How to use Zigbee2MQTTAssistant to comfortable manage all your Zigbee devices

Published by Oliver on

Zigbee2MQTTAssistant makes a great software even better. Zigbee2MQTT is a very nice piece of software you can use to control all kind of MQTT devices with one gateway. But while it is awesome it can be a little hard to get started with. This is where Zigbee2MQTT-Assistant shines: it gives you a comfortable UI for most things you will want to do with the software.

How to install Zigbee2MQTTAssistant

If you followed my Zigbee2MQTT guide and read the tips & tricks you might have seen the software already. If you are looking to add Zigbee2MQTT-Assistant to your setup too you are in luck: it is actually quite easy. As you can see in the official GitHub repository there are basically two ways.

If you are running Home Assistant in the supervised version you can install it as an add-on. If you are not using Home Assistant, or like me use a plain docker container to install it, you can also use Docker directly.

I shared my personal docker-compose based setup in my own GitHub repository here. Running Zigbee2MQTT-Assistant just needs a couple of additional lines in the docker-compose yaml file:

    image: carldebilly/zigbee2mqttassistant
    restart: unless-stopped
        condition: service_started
      - Z2MA_SETTINGS__MQTTSERVER=mosquitto
      - TZ=${TZ}
      - 8880:80

If you are not running zigbee2mqtt itself in the same docker setup just remove the depends_on part. If your MQTT server has a different hostname or IP (maybe because it is also not running in the same setup) you can change the environment variable to point to the right place.

Thats it. Download the yaml file and run docker-compose -f smarthome.yml up -d to start the software. The software will be available at ipadress-of-the-server:8880

What can Zigbee2MQTT Assistant do?

The software has three different areas allowing you to control your setup and see a bunch of important information.

The status page

The software is really quite handy. First of all it gives you a great overview about your whole setup. In the status tab you can see if your MQTT server is actually online and whether Zigbee2MQTT is connected to it. If everything is fine you will see a bridge status of online.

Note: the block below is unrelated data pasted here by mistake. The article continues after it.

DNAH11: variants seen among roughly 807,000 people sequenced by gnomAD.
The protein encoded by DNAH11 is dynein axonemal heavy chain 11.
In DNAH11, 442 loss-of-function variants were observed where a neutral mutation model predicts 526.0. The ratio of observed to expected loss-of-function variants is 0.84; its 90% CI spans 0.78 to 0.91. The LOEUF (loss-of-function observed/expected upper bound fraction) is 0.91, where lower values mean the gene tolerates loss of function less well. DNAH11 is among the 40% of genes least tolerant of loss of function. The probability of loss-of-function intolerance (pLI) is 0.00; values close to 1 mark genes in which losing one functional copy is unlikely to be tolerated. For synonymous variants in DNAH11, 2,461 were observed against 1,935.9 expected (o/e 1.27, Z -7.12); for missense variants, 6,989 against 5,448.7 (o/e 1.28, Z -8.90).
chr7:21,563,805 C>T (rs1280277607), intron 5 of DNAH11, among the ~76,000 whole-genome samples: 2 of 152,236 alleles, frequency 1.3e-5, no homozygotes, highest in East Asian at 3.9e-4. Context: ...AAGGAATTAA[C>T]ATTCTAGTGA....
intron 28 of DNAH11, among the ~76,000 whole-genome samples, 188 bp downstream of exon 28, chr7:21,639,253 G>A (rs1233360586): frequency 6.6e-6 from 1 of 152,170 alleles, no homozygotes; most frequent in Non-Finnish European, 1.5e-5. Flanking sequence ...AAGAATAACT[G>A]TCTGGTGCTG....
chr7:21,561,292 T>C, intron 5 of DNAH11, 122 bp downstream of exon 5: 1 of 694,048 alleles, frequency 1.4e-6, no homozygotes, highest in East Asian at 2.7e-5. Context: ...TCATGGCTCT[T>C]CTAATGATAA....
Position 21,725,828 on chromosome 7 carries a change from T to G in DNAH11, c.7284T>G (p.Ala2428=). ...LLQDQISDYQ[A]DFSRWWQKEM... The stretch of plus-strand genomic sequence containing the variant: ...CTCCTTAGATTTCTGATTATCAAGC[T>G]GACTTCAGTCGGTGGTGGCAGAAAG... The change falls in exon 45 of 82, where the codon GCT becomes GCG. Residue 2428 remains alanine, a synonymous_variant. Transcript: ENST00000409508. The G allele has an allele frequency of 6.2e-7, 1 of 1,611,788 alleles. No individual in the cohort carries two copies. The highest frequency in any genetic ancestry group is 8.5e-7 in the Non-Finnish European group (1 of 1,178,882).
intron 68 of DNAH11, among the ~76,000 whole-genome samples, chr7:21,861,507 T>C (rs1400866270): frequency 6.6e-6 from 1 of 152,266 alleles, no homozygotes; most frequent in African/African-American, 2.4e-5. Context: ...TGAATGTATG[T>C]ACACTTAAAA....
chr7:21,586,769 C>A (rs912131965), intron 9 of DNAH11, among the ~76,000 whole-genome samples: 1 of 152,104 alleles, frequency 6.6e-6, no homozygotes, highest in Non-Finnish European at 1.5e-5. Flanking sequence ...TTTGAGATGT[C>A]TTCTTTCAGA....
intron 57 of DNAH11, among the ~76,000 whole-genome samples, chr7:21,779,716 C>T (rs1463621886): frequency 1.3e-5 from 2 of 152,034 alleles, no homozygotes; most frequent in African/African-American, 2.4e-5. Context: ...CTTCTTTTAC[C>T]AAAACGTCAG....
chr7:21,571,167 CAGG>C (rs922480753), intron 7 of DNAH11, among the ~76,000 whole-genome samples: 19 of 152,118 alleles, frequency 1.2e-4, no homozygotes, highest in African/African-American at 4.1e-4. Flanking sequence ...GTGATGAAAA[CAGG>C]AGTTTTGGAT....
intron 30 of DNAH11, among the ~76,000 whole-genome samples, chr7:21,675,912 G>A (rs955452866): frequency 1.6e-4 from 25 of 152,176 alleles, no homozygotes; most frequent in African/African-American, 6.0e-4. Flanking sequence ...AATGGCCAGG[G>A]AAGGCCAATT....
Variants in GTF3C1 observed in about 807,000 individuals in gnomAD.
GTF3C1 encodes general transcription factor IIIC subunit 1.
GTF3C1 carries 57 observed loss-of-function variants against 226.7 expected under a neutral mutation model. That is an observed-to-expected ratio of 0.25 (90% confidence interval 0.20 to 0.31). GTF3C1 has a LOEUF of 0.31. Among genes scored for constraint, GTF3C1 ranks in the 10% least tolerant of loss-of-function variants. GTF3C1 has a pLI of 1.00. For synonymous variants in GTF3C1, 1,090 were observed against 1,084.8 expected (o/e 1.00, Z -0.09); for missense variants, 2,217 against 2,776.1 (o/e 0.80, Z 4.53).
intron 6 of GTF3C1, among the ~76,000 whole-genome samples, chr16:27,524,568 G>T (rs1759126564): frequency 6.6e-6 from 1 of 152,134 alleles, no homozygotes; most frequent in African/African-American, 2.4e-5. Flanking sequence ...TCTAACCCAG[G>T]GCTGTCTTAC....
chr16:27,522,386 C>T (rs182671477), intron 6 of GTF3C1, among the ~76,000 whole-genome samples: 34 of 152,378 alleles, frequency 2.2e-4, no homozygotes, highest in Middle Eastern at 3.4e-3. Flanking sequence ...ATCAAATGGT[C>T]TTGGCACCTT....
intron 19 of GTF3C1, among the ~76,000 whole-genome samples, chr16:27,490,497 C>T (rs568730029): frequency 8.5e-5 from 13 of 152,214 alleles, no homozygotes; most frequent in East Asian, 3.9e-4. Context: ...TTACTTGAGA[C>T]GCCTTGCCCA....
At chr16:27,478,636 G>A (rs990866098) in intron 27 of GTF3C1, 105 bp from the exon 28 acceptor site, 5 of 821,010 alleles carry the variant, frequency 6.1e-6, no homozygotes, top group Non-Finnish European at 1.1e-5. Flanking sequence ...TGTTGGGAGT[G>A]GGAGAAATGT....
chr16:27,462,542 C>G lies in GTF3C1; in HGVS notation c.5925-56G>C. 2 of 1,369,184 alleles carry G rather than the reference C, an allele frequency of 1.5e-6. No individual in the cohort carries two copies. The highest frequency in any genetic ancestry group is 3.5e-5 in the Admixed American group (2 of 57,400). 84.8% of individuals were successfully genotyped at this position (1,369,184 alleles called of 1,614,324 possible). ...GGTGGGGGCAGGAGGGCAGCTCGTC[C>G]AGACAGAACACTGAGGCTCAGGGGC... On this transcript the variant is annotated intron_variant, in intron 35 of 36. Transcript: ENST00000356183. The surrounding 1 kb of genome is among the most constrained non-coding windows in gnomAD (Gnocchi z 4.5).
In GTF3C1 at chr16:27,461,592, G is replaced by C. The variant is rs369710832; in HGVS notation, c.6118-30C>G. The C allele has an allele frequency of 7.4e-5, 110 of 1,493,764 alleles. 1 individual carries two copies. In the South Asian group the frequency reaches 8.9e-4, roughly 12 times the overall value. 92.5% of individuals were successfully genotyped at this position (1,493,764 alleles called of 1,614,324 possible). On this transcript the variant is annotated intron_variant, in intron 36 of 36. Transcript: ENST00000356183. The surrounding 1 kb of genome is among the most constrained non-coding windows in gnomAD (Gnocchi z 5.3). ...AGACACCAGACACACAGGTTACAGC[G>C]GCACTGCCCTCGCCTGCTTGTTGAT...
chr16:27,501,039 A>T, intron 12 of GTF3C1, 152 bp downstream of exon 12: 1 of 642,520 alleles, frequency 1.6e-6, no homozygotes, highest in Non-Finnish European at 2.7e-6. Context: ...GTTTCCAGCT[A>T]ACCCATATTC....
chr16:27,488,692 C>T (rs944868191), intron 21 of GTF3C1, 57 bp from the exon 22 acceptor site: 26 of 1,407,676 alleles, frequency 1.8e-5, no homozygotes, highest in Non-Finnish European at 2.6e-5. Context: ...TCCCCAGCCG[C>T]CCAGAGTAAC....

zigbee2mqttassistant status page with bridge status
Bridge Status in Zigbee2MQTTAssitant – here everything is fine

At the bottom of the page you can see a bunch of important data about your setup. The software version of the assistant, of zigbee2MQTT itself, of the software one the coordinator USB stick and its Zigbee id.

My software versions – I need to update the coordinator at some point

On the rest of this page you are able to change a couple of important settings. I have disabled new devices for my network via the config file. The button at the top of the page allows me to temporarily overwrite this setting to add new devices to my setup. And if you ever forget to turn it off again: no problem. After 20 minutes it will be automatically disabled. A great security feature.

allow new devices to join the network
Maybe the most important setting – allow new devices to join the network

You can also change the log level of Zigbee2MQTT Assistant or start the touch-link process. Personally I have never used this.

The device list

In the devices tab you can see a list of all your connected Zigbee devices. They come with a list of their exposed data (like light control or battery state), a last seen x minutes before label, nice images and much more. It even contains a warning for devices that have been disconnected for a long time and a hint for you to update the firmware (available for some devices like Philips Hue and IKEA Tradfri bulbs.

zigbee2mqttassistant device list
A list of some of my Zigbee devices with additional information

If you click on any of the devices you will get a detailed overview about its zigbee adress, manufacturer, device type and much more. You can also start an OTA update here, rename, configure or remove the device. Really everything you need.

device details
Details for a device

The map part

Maybe the most impressive part is the map. While you can do this manually with a MQTT client and a website, this will automatically create a map of your current Zigbee network for you. With the click of a button!

zigbee2mqttassistant network map
A map of some of my devices – you can see the nice meshing of Zigbee routers

This can really help you to figure out why some devices are not working properly. The annotated numbers on the connections represent signal strength. If one device is connected to the wrong part of the network or has a pretty bad connection you can see it here and try to fix it.

Try repairing the device at its intended position, add a new router to the network or just wait some time. The network regularly reorders itself.

If you are running Zigbee2MQTT you should definitely add this small program. It is really really helpful and has saved me a lot of time.

Categories: Software